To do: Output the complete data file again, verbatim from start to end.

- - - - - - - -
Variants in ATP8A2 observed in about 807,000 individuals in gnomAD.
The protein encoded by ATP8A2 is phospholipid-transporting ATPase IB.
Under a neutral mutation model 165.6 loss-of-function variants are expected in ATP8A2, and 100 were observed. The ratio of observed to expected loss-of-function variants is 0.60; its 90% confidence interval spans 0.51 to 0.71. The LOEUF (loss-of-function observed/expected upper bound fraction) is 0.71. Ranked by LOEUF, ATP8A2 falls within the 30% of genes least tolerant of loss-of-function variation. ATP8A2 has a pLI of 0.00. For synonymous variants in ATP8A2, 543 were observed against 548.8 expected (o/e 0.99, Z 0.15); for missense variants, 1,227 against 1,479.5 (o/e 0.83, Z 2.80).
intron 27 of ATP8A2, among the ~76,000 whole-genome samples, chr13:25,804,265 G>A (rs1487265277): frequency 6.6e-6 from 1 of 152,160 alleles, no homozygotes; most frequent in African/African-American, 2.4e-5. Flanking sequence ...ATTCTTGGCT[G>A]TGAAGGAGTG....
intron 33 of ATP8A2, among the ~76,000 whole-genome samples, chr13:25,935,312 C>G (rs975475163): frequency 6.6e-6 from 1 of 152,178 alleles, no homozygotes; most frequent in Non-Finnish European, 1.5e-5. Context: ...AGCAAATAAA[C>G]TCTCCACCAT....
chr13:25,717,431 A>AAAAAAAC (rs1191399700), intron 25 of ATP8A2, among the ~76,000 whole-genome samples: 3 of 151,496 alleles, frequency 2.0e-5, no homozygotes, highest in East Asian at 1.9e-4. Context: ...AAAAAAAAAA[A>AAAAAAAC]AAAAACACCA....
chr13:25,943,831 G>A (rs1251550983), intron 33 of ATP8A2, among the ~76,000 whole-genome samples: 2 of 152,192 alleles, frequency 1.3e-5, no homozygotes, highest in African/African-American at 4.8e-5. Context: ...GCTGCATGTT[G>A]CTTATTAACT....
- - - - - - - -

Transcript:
Variants in ATP8A2 observed in about 807,000 individuals in gnomAD.
The protein encoded by ATP8A2 is phospholipid-transporting ATPase IB.
Under a neutral mutation model 165.6 loss-of-function variants are expected in ATP8A2, and 100 were observed. The ratio of observed to expected loss-of-function variants is 0.60; its 90% confidence interval spans 0.51 to 0.71. The LOEUF (loss-of-function observed/expected upper bound fraction) is 0.71. Ranked by LOEUF, ATP8A2 falls within the 30% of genes least tolerant of loss-of-function variation. ATP8A2 has a pLI of 0.00. For synonymous variants in ATP8A2, 543 were observed against 548.8 expected (o/e 0.99, Z 0.15); for missense variants, 1,227 against 1,479.5 (o/e 0.83, Z 2.80).
intron 27 of ATP8A2, among the ~76,000 whole-genome samples, chr13:25,804,265 G>A (rs1487265277): frequency 6.6e-6 from 1 of 152,160 alleles, no homozygotes; most frequent in African/African-American, 2.4e-5. Flanking sequence ...ATTCTTGGCT[G>A]TGAAGGAGTG....
intron 33 of ATP8A2, among the ~76,000 whole-genome samples, chr13:25,935,312 C>G (rs975475163): frequency 6.6e-6 from 1 of 152,178 alleles, no homozygotes; most frequent in Non-Finnish European, 1.5e-5. Context: ...AGCAAATAAA[C>G]TCTCCACCAT....
chr13:25,717,431 A>AAAAAAAC (rs1191399700), intron 25 of ATP8A2, among the ~76,000 whole-genome samples: 3 of 151,496 alleles, frequency 2.0e-5, no homozygotes, highest in East Asian at 1.9e-4. Context: ...AAAAAAAAAA[A>AAAAAAAC]AAAAACACCA....
chr13:25,943,831 G>A (rs1251550983), intron 33 of ATP8A2, among the ~76,000 whole-genome samples: 2 of 152,192 alleles, frequency 1.3e-5, no homozygotes, highest in African/African-American at 4.8e-5. Context: ...GCTGCATGTT[G>A]CTTATTAACT....